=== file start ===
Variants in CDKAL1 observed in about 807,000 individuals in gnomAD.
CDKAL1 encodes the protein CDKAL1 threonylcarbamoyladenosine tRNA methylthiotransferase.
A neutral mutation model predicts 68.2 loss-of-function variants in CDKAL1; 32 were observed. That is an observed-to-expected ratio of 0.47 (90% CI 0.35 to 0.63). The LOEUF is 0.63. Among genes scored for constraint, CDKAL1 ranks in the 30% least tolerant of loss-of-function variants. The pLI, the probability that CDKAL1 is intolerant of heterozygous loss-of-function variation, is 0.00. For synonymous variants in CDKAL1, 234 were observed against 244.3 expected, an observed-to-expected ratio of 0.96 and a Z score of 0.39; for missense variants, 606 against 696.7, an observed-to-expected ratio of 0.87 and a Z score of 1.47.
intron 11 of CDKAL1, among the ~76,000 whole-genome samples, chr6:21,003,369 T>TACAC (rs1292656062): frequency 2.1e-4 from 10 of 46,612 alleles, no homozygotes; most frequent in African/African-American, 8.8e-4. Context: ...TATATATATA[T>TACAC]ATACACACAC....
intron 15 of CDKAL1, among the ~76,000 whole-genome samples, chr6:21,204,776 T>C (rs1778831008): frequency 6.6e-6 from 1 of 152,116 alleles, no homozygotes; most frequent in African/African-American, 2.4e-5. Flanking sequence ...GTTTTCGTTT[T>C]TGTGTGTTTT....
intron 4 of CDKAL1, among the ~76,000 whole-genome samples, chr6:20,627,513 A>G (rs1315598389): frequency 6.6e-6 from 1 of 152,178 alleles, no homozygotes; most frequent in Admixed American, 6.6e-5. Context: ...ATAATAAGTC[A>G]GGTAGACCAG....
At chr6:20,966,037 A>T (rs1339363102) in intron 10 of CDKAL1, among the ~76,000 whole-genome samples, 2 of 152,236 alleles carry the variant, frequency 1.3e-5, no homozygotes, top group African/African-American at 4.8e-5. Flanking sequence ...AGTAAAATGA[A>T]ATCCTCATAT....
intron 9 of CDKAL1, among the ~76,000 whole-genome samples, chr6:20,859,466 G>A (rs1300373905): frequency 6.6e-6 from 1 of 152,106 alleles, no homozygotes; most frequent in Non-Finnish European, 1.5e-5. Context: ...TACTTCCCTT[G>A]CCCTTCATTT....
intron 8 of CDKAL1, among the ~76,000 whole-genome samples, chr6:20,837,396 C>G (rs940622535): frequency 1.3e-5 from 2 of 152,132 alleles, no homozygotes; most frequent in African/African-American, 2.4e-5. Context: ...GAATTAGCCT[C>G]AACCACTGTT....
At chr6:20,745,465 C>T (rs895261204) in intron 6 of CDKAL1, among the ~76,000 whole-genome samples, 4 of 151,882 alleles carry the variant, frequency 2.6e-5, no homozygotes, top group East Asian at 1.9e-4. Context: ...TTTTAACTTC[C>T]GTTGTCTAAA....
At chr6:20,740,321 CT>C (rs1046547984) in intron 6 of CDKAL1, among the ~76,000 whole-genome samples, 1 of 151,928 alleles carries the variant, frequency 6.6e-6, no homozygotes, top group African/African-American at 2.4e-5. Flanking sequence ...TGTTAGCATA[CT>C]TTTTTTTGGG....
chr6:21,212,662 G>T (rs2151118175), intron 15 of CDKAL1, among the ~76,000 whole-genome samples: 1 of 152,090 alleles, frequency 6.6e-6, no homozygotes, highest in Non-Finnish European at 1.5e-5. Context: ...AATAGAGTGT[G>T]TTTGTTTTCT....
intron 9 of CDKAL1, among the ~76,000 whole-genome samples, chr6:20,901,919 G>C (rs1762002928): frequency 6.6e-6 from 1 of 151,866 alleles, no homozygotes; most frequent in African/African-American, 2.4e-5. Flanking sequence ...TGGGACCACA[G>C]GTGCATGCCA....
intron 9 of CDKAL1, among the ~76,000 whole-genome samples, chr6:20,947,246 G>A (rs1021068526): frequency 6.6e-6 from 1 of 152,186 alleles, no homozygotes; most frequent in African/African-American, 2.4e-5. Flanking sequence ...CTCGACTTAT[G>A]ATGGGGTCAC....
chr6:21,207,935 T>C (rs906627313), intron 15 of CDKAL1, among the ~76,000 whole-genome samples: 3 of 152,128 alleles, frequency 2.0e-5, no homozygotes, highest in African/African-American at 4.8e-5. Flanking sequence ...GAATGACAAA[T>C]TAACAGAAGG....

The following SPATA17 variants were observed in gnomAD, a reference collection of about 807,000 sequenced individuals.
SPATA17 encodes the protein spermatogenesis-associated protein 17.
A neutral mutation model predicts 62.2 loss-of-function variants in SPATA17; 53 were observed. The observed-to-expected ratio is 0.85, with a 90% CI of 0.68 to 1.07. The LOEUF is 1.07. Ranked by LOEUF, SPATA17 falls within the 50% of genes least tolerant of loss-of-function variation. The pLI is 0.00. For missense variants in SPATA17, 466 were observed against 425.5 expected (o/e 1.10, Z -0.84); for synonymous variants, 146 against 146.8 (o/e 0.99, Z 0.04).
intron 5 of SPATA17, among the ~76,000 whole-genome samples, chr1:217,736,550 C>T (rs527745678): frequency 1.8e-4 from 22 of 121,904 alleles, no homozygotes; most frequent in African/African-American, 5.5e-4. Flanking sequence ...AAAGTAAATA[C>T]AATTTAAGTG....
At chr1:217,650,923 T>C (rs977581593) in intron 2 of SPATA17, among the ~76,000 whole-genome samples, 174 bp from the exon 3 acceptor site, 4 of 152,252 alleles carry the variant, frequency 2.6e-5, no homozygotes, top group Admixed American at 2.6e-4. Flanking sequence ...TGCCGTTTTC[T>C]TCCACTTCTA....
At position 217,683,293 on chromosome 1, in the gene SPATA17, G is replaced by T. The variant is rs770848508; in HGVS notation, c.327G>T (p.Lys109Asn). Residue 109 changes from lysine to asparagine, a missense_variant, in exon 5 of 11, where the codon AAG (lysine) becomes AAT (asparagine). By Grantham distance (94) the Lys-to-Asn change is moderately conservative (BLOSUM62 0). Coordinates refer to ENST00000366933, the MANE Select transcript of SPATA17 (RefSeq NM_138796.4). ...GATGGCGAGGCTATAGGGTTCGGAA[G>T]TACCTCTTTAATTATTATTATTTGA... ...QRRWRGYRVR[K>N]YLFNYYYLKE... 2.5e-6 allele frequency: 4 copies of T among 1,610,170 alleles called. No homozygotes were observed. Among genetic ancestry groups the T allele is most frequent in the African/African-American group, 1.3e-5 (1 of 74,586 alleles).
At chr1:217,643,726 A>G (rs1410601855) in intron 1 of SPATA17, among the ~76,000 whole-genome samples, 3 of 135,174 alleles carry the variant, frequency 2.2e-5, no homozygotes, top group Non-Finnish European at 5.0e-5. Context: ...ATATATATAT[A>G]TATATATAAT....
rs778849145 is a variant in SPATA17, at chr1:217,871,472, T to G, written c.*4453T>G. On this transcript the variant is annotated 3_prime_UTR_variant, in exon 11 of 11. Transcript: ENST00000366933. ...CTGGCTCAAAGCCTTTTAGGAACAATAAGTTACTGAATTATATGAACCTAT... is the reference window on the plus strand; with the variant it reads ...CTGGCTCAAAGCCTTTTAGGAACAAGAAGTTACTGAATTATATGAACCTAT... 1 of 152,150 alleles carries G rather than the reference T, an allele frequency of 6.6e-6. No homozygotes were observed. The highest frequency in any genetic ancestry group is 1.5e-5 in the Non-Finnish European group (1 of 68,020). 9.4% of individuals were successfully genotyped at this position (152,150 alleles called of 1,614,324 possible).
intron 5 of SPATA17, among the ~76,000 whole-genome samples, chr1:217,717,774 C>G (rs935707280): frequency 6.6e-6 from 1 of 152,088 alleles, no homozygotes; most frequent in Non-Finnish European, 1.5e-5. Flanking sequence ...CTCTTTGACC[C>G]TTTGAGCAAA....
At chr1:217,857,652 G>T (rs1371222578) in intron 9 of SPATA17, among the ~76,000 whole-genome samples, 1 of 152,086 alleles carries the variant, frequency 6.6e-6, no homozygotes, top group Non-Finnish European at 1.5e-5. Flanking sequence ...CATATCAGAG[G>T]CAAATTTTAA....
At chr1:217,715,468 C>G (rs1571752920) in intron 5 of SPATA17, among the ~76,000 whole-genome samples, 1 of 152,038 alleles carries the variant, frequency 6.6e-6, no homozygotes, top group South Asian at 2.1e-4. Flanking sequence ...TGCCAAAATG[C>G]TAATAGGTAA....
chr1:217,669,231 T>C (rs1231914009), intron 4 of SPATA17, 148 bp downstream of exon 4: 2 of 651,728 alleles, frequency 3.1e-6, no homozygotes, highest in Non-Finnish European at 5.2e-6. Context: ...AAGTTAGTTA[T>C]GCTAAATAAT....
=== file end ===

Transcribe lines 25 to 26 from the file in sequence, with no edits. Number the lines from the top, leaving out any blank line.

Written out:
At chr1:217,857,652 G>T (rs1371222578) in intron 9 of SPATA17, among the ~76,000 whole-genome samples, 1 of 152,086 alleles carries the variant, frequency 6.6e-6, no homozygotes, top group Non-Finnish European at 1.5e-5. Flanking sequence ...CATATCAGAG[G>T]CAAATTTTAA....
At chr1:217,715,468 C>G (rs1571752920) in intron 5 of SPATA17, among the ~76,000 whole-genome samples, 1 of 152,038 alleles carries the variant, frequency 6.6e-6, no homozygotes, top group South Asian at 2.1e-4. Flanking sequence ...TGCCAAAATG[C>G]TAATAGGTAA....